Critical Thinking (PHIL*2100)
Term: Fall 2012
An argument is a set of statements (the premises of the argument) that is intended to
provide rational support for some further statement (the conclusion of the argument). We
use arguments to convince ourselves and others that some view or position is rationally
supported. The purpose of a critical thinking class is to make you better at identifying,
analyzing, criticizing, writing about, and constructing arguments. The core text for this
course is The Pocket Guide to Critical Thinking. It provides the basic tools for
recognizing, analyzing, and criticizing arguments. The other course text is How To Think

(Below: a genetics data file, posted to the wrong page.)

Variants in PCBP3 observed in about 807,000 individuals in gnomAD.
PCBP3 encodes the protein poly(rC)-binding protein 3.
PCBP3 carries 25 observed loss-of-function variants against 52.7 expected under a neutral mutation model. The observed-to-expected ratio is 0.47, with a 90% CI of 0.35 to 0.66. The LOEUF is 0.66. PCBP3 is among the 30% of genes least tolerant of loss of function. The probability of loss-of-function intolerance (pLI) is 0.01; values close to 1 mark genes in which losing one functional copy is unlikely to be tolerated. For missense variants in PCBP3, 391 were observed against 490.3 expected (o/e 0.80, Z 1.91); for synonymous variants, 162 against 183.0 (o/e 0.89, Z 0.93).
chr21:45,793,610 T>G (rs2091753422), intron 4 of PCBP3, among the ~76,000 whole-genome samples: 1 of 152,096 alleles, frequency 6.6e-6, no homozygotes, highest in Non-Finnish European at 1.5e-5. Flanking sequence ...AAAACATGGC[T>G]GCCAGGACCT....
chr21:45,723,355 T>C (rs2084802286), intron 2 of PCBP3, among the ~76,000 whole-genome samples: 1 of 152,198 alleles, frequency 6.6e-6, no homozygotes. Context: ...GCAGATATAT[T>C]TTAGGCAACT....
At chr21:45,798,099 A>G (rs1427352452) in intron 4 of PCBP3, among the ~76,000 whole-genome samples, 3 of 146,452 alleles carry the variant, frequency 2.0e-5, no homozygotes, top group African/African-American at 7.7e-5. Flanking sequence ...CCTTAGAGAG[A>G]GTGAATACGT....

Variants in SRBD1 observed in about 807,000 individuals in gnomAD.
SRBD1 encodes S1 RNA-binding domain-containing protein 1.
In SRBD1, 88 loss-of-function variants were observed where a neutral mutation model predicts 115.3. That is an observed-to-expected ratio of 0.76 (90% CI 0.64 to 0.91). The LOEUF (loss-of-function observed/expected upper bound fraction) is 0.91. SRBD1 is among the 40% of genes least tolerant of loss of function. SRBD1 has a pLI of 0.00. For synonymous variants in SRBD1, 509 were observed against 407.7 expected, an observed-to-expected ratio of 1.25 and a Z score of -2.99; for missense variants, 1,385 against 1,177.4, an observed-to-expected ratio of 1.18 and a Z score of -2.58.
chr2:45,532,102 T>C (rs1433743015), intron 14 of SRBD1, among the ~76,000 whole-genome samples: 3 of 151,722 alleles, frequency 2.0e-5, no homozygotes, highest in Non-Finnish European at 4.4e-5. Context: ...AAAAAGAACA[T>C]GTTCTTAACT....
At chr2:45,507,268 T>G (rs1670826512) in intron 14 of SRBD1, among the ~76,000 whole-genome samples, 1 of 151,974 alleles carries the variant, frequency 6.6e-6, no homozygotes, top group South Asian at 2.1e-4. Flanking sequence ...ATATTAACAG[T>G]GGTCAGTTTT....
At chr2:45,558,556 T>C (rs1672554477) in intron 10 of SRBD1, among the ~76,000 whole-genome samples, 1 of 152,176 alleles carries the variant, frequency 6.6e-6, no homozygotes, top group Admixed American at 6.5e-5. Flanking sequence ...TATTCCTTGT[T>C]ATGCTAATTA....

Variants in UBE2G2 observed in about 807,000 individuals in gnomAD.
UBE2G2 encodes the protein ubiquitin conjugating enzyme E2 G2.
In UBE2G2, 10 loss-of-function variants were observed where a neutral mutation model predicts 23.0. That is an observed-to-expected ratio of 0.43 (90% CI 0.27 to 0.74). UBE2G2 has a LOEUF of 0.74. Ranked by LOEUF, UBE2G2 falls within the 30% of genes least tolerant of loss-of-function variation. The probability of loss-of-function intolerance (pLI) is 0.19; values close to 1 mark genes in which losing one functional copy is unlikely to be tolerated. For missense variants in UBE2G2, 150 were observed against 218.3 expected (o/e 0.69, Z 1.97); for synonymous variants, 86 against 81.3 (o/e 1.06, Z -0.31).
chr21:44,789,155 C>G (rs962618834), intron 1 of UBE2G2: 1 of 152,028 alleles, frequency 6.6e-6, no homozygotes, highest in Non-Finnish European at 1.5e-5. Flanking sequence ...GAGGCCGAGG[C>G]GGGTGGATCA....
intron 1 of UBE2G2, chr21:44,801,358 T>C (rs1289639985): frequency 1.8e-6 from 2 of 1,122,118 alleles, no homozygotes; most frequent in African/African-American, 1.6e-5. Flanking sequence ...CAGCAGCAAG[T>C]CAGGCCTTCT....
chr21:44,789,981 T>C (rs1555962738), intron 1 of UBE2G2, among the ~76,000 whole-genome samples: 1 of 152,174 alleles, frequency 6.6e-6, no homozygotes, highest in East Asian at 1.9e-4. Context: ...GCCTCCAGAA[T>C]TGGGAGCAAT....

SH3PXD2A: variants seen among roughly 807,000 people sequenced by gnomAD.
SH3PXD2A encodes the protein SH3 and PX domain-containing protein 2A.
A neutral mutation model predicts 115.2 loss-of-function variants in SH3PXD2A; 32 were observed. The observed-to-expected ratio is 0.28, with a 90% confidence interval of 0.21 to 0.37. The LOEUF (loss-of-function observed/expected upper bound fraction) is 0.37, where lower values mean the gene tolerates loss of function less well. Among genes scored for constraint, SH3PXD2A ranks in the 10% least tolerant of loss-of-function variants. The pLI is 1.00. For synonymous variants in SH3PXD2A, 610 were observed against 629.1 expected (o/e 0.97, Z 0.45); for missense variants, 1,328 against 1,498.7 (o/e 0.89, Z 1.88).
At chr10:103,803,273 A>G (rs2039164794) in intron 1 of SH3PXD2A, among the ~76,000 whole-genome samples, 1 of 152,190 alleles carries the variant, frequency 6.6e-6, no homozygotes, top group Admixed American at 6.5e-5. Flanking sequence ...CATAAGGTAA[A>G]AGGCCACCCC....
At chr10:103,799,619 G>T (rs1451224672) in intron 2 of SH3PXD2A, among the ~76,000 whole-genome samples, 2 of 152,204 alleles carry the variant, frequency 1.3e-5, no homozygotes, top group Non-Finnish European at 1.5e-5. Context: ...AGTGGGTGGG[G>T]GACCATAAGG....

About Weird Things. The authors of this book focus on various pseudoscientific topics in
order to emphasize where people tend to go wrong when they come to believe weird
things (e.g. that a flashing light is an alien UFO, that the world was created 8000 years
ago, that truth is what you believe is true, that there is nothing special about science as
opposed to, say, astrology). The course ranges widely over a number of important
philosophical topics: truth, knowledge, scientific method, bad reasoning. It also
introduces important and useful concepts in the psychological study of reasoning.
Classes will be lecture-based, with plenty of opportunity for students to raise questions.
The ultimate objective of the course is practical: to help you develop useful tools for
reasoning in any context.